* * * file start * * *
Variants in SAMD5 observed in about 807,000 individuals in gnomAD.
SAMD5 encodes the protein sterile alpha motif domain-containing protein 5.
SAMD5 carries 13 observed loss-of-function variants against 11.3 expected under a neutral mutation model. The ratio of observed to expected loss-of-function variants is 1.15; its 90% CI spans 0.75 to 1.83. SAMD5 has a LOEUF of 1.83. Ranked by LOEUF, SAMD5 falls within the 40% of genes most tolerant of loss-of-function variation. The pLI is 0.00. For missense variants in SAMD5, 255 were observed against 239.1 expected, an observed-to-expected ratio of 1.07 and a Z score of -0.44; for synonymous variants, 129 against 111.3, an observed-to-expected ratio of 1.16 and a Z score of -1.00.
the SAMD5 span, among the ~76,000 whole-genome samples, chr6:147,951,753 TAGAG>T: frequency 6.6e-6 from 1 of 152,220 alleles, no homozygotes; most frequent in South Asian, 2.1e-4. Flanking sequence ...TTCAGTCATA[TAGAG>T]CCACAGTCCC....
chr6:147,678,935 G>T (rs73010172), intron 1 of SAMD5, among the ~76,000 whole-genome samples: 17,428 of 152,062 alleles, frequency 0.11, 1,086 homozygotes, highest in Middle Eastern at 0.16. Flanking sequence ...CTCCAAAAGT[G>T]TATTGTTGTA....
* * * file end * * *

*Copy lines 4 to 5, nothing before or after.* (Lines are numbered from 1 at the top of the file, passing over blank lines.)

the SAMD5 span, among the ~76,000 whole-genome samples, chr6:147,951,753 TAGAG>T: frequency 6.6e-6 from 1 of 152,220 alleles, no homozygotes; most frequent in South Asian, 2.1e-4. Flanking sequence ...TTCAGTCATA[TAGAG>T]CCACAGTCCC....
chr6:147,678,935 G>T (rs73010172), intron 1 of SAMD5, among the ~76,000 whole-genome samples: 17,428 of 152,062 alleles, frequency 0.11, 1,086 homozygotes, highest in Middle Eastern at 0.16. Flanking sequence ...CTCCAAAAGT[G>T]TATTGTTGTA....